- Investigators believe the deadly fire that ripped through a Bronx building Thursday evening was caused by a child playing with a stove, New York City officials said.
- The fire killed 12, including four children, making it the deadliest New York City blaze in decades.
The blaze that ripped through a Bronx building on Thursday night and killed 12, including four children, was caused by a small child playing with a stove in a first-floor apartment, New York City officials said Friday.
“It seems like a horrible, tragic accident,” Mayor Bill de Blasio said in an interview with WNYC radio.
A 3-year-old boy had been playing with the burners on the stove, the New York fire department’s commissioner, Daniel Nigro, said in a news conference. He added that the young boy had a history of doing so and that his mother was in the apartment at the time but did not notice the fire until she heard his screams.
When she grabbed the young boy and his 2-year-old sister to leave, Nigro said, the mother left the door open, allowing the flames to spread up the stairway, which “acted like a chimney.”
“It took the fire so quickly up the stairs that people had very little time to react, they couldn’t get back down the stairs. Those that tried, a few of them perished,” he said.
The fatalities included a 1-year-old, a 2-year-old, a 7-year old, and a boy whose age was not given. An additional four people were critically injured and are “fighting for their lives right now,” Nigro said.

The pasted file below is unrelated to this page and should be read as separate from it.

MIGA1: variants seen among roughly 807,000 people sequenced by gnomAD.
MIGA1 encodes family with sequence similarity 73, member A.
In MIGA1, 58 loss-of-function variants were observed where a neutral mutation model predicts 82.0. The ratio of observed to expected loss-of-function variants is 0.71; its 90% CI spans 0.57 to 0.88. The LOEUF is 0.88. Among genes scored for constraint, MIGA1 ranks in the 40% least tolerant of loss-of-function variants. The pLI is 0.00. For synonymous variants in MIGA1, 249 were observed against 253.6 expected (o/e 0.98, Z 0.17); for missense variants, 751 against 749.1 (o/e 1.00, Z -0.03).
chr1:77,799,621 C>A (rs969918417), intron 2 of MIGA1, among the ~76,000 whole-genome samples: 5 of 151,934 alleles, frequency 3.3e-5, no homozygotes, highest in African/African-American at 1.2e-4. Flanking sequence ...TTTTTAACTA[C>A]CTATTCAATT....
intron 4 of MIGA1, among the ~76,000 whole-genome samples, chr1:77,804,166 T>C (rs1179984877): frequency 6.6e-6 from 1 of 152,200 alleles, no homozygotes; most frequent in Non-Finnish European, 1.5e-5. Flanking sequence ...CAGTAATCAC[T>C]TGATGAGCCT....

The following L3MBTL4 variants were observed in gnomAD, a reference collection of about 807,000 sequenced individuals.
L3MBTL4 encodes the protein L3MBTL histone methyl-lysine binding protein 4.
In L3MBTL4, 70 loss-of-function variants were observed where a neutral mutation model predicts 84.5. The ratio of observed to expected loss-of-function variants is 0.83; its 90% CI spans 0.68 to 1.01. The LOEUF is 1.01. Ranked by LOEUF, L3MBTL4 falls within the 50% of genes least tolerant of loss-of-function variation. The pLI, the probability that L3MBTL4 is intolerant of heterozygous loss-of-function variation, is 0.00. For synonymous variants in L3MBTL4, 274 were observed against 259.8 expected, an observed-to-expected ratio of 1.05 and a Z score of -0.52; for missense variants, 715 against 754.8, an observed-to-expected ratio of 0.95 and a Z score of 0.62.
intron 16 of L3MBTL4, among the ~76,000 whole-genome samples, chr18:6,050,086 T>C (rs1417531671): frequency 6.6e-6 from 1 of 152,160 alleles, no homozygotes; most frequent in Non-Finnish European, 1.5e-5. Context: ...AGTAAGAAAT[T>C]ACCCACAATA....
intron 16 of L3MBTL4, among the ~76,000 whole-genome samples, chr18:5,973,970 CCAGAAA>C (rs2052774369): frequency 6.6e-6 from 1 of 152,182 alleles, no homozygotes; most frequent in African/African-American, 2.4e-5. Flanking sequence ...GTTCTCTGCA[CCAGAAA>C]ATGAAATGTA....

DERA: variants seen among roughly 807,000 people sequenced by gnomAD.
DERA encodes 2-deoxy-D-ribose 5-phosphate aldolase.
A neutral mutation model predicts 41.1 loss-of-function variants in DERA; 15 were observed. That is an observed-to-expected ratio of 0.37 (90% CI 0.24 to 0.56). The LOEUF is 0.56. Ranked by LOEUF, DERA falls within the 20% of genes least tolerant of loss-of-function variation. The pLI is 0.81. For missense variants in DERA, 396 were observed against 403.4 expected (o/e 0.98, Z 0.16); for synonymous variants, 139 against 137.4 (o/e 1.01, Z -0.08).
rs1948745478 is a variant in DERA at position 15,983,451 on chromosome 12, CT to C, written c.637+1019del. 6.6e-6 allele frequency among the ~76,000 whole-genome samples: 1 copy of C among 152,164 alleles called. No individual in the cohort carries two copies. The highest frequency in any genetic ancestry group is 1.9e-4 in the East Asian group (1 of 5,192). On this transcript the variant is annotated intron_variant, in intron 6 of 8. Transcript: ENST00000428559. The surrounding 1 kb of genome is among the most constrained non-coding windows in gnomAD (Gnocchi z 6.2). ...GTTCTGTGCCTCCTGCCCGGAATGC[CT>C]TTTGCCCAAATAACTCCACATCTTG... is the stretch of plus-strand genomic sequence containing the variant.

He called the fire “historic” and said it was the deadliest to occur in New York City since a blaze killed 87 at a nightclub in the Bronx in 1990.
“Although our members got here in a little over three minutes and bravely did everything they could – and did save a number of residents – this loss is unprecedented,” Nigro said. “We grieve with them as everyone in this city should and does at this terrible time.”
The blaze was first reported just before 7 p.m. Thursday and quickly spread to the upper floors in the five-story building, reaching four alarms and drawing more than 160 firefighters to the scene.
The flames were brought under control by 10 p.m.
Nigro said one lesson New Yorkers could draw from the fire was to close the doors when exiting a burning building.
He added that while the building was outfitted with smoke detectors, investigators were still determining whether they were all functioning at the time the blaze broke out.
City records show that the building was written up for several open violations, including a broken smoke detector and carbon monoxide detector on the first floor.
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